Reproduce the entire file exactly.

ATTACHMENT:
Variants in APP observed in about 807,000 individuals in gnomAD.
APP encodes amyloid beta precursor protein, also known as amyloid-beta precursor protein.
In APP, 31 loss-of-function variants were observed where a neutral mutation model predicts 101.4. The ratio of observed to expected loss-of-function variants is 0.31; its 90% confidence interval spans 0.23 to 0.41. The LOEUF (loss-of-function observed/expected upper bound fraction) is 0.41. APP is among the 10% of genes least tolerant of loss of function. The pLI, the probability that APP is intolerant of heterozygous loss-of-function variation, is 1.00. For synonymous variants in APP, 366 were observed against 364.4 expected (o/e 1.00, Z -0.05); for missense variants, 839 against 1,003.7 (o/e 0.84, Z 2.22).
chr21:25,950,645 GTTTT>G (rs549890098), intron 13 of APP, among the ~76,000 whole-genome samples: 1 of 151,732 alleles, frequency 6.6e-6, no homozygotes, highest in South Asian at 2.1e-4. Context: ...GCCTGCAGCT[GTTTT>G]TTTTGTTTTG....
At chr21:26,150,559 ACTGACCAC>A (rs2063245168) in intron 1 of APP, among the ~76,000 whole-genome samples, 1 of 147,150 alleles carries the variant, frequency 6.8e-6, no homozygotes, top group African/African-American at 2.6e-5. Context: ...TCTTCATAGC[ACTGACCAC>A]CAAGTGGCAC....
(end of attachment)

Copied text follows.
Variants in APP observed in about 807,000 individuals in gnomAD.
APP encodes amyloid beta precursor protein, also known as amyloid-beta precursor protein.
In APP, 31 loss-of-function variants were observed where a neutral mutation model predicts 101.4. The ratio of observed to expected loss-of-function variants is 0.31; its 90% confidence interval spans 0.23 to 0.41. The LOEUF (loss-of-function observed/expected upper bound fraction) is 0.41. APP is among the 10% of genes least tolerant of loss of function. The pLI, the probability that APP is intolerant of heterozygous loss-of-function variation, is 1.00. For synonymous variants in APP, 366 were observed against 364.4 expected (o/e 1.00, Z -0.05); for missense variants, 839 against 1,003.7 (o/e 0.84, Z 2.22).
chr21:25,950,645 GTTTT>G (rs549890098), intron 13 of APP, among the ~76,000 whole-genome samples: 1 of 151,732 alleles, frequency 6.6e-6, no homozygotes, highest in South Asian at 2.1e-4. Context: ...GCCTGCAGCT[GTTTT>G]TTTTGTTTTG....
At chr21:26,150,559 ACTGACCAC>A (rs2063245168) in intron 1 of APP, among the ~76,000 whole-genome samples, 1 of 147,150 alleles carries the variant, frequency 6.8e-6, no homozygotes, top group African/African-American at 2.6e-5. Context: ...TCTTCATAGC[ACTGACCAC>A]CAAGTGGCAC....